Texas regulators alleged on Thursday that BlockFi’s Interest Account (BIA) product is a security under state rules in the latest blow to the crypto lender’s business model.
The Texas State Securities Board (TSSB) filed for a cease-and-desist order against BlockFi, BlockFi Trading and BlockFi Lending. The cease-and-desist hasn’t taken effect, and won’t unless a judge signs off after a hearing in October, CoinDesk has learned. The filing gives the company a chance to formally respond to the allegations. The company is allowed to continue operations until the hearing.
“This legal action affords BlockFi and its affiliates the opportunity to respond to our allegations and present admissible evidence,” Joe Rotunda, TSSB’s director of enforcement, said. He shared a copy of the notice with CoinDesk.
The proposed cease-and-desist order would prevent BlockFi from offering its BIA product without at least registering with the state’s securities regulator.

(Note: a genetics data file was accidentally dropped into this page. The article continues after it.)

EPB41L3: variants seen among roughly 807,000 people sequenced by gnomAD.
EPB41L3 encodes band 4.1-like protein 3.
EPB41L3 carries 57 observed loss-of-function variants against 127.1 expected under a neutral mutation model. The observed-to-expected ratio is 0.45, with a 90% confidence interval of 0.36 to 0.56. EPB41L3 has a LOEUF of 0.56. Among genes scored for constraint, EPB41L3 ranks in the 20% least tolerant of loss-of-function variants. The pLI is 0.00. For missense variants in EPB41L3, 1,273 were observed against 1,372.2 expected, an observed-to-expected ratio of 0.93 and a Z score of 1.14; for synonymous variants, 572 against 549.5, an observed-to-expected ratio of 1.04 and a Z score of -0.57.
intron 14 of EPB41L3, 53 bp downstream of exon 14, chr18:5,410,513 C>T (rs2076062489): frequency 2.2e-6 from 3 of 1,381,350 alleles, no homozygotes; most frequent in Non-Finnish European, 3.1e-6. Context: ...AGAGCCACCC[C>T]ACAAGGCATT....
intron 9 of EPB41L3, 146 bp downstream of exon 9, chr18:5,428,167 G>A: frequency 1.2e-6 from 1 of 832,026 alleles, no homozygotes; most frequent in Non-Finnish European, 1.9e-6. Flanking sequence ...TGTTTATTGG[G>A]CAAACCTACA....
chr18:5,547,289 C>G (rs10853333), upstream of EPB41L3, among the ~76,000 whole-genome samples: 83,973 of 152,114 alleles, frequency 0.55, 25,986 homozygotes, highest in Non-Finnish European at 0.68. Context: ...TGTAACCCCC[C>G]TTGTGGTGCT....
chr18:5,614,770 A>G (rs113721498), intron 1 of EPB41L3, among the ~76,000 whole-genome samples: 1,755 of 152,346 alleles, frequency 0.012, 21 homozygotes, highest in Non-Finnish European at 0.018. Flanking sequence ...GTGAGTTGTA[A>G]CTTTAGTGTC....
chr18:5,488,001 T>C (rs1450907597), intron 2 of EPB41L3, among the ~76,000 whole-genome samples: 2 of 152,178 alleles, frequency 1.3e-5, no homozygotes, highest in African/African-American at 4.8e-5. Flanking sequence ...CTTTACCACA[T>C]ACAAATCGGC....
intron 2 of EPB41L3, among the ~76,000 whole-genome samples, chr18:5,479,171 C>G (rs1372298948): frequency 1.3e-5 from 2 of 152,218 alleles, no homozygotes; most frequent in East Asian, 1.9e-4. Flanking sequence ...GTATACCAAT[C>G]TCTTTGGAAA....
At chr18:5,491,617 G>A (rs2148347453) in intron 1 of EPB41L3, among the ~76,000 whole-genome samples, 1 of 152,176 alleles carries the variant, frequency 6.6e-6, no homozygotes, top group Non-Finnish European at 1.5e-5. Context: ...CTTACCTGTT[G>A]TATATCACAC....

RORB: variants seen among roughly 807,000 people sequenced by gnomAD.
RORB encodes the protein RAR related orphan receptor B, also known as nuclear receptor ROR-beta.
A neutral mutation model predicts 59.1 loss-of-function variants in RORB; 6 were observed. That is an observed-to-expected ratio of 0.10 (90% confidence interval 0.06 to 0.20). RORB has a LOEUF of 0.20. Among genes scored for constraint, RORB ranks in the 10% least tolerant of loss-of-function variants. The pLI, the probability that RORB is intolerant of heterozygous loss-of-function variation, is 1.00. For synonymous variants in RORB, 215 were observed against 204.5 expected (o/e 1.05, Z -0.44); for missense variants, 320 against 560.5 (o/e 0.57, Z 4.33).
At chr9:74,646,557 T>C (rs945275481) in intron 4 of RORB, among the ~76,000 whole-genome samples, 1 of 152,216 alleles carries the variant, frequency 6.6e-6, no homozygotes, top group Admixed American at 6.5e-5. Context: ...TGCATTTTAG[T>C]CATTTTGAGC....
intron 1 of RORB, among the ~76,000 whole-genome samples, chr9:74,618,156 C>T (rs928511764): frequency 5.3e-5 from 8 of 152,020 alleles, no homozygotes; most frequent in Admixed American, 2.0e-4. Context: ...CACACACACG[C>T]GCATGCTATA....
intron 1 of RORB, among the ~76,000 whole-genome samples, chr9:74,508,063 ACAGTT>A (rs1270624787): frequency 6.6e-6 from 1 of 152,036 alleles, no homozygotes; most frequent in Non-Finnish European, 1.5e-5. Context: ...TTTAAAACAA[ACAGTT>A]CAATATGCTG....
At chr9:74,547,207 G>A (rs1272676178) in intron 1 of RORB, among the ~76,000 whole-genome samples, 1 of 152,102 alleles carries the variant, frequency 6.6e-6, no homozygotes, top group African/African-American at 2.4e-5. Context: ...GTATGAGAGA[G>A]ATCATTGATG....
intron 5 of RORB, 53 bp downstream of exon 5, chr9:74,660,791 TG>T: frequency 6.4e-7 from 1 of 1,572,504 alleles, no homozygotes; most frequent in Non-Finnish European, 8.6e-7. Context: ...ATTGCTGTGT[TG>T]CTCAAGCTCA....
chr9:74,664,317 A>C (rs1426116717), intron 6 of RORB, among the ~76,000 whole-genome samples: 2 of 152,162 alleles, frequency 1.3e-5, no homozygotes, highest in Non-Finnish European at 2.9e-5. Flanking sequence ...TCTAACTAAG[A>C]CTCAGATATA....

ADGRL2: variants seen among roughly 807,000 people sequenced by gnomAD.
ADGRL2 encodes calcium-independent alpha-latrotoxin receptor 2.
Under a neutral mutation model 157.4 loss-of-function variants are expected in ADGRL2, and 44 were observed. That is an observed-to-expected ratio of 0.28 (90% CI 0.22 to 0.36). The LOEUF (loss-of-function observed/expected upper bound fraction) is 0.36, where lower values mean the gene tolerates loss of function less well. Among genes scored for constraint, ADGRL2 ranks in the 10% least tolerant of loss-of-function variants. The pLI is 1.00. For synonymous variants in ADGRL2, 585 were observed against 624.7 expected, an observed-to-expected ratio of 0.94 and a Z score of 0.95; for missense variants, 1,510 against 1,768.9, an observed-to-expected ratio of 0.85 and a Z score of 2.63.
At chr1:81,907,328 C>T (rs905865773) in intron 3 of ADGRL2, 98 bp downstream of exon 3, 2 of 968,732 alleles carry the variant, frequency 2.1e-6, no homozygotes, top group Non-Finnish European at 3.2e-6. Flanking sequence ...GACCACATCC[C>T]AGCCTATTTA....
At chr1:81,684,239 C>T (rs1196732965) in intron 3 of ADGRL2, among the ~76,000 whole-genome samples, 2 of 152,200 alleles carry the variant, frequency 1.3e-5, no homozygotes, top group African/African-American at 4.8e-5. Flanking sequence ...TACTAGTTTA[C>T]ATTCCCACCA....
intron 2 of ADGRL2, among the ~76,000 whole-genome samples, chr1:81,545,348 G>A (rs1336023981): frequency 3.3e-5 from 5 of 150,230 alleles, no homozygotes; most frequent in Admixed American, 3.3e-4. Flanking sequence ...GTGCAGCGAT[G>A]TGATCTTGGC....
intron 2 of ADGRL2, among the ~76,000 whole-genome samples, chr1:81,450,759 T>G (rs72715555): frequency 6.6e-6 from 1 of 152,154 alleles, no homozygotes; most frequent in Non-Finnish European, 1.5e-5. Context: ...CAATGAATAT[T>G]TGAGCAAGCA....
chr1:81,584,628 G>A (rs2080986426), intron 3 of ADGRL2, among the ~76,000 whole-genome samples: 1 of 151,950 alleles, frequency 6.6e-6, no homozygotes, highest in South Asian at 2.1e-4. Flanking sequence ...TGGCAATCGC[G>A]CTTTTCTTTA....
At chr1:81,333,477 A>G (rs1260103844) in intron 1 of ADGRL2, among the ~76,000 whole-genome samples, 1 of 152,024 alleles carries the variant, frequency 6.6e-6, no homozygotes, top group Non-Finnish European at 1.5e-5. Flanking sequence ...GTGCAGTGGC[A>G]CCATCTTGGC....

While a spokesperson could not immediately be reached for comment, the company tweeted, “we firmly believe that the BIA is lawful” after the publication of this article.
Like New Jersey, Texas is arguing the fact that the company’s customers place their cryptocurrencies in the lending platform’s control for BlockFi to invest and commingle with other customer and corporate funds may violate the state’s securities laws.
“The BIAs constitute investment contracts, notes, or evidences of indebtedness regulated as securities as that term is defined by Section 4.A of the Securities Act,” the filing said.
Texas said it notified BlockFi in late April that its lending product might be violating state securities rules. The lender continued to illegally offer BIA in Texas, TSSB alleged.
TSSB said BlockFi has at least 25,000 clients in Texas with $691 million in total assets.
In a tweet responding to the allegations from Alabama’s regulator, BlockFi said its interest accounts aren’t securities.
Read the filing here:
UPDATE (July 22, 2021, 22:12 UTC): Updated with a tweet from BlockFi; further clarifies that Texas filed for a cease-and-desist but it has not yet taken effect.